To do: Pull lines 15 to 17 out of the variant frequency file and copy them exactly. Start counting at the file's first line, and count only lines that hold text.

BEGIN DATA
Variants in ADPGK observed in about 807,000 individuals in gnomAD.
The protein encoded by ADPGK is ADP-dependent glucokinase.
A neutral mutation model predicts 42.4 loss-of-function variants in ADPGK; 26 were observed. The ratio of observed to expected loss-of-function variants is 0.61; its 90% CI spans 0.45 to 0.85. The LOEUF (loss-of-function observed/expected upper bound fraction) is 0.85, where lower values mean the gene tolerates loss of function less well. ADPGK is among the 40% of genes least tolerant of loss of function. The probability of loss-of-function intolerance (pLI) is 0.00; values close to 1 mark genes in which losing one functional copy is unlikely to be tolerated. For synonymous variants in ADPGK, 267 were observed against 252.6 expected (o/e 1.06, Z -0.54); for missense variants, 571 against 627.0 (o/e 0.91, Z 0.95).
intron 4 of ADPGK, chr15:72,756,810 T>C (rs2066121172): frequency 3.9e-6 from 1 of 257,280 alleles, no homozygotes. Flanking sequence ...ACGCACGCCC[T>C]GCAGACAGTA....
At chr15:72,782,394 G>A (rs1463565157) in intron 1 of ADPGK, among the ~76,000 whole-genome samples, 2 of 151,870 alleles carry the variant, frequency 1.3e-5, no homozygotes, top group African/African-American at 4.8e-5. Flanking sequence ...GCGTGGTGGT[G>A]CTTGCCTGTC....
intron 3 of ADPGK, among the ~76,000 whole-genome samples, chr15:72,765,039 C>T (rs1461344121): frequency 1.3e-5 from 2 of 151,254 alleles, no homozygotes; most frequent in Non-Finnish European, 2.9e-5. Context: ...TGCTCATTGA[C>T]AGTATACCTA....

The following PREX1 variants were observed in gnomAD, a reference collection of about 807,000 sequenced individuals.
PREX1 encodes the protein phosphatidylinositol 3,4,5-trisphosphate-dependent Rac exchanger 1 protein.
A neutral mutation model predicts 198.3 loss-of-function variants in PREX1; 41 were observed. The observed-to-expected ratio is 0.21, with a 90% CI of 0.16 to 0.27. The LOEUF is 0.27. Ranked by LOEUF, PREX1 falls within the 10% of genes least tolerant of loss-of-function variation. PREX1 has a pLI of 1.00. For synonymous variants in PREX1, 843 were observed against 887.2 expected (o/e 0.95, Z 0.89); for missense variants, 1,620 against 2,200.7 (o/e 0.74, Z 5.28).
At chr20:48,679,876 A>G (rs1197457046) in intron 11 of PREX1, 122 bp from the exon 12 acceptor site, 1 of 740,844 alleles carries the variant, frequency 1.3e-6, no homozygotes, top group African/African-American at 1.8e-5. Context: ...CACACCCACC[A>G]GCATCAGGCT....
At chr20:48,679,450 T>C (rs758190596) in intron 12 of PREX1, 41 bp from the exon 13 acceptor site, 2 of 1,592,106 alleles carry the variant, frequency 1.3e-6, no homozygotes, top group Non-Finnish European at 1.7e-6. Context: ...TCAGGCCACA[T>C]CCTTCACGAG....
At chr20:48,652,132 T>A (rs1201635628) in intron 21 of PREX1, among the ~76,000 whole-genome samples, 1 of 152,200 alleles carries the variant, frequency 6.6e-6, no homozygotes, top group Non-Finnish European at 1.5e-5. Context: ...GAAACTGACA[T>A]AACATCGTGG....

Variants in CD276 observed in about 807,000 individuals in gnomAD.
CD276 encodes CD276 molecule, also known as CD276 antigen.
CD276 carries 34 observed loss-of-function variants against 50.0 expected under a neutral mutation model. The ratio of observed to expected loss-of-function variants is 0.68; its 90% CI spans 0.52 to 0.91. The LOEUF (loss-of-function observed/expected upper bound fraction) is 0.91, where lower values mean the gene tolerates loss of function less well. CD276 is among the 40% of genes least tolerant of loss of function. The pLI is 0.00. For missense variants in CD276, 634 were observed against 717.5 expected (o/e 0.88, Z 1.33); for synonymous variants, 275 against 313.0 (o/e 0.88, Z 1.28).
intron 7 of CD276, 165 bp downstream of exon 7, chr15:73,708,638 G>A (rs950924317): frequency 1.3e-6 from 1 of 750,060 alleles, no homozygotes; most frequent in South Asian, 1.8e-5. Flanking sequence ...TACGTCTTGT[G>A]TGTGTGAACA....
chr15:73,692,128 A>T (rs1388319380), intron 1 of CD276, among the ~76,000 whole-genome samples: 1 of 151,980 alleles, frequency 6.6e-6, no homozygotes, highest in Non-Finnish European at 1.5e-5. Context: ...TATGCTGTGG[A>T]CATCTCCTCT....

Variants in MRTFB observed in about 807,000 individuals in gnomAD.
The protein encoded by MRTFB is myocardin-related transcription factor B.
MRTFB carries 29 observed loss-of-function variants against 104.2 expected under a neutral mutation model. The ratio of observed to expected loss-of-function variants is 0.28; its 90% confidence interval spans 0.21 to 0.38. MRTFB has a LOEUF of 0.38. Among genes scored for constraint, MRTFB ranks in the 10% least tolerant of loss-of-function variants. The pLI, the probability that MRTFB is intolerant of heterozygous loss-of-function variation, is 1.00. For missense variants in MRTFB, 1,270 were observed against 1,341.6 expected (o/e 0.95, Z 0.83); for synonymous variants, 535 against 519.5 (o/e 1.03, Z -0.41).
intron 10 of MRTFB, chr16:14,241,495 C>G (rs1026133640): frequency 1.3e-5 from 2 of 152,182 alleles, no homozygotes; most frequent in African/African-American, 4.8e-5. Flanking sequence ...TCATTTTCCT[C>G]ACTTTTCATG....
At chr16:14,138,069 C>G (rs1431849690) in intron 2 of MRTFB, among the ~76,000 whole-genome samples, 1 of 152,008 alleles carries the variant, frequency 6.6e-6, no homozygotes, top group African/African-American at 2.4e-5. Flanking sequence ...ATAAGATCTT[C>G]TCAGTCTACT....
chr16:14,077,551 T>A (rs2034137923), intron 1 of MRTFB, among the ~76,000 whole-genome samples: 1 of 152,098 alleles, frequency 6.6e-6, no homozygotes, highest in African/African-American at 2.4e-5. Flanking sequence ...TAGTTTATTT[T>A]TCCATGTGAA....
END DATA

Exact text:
CD276 carries 34 observed loss-of-function variants against 50.0 expected under a neutral mutation model. The ratio of observed to expected loss-of-function variants is 0.68; its 90% CI spans 0.52 to 0.91. The LOEUF (loss-of-function observed/expected upper bound fraction) is 0.91, where lower values mean the gene tolerates loss of function less well. CD276 is among the 40% of genes least tolerant of loss of function. The pLI is 0.00. For missense variants in CD276, 634 were observed against 717.5 expected (o/e 0.88, Z 1.33); for synonymous variants, 275 against 313.0 (o/e 0.88, Z 1.28).
intron 7 of CD276, 165 bp downstream of exon 7, chr15:73,708,638 G>A (rs950924317): frequency 1.3e-6 from 1 of 750,060 alleles, no homozygotes; most frequent in South Asian, 1.8e-5. Flanking sequence ...TACGTCTTGT[G>A]TGTGTGAACA....
chr15:73,692,128 A>T (rs1388319380), intron 1 of CD276, among the ~76,000 whole-genome samples: 1 of 151,980 alleles, frequency 6.6e-6, no homozygotes, highest in Non-Finnish European at 1.5e-5. Context: ...TATGCTGTGG[A>T]CATCTCCTCT....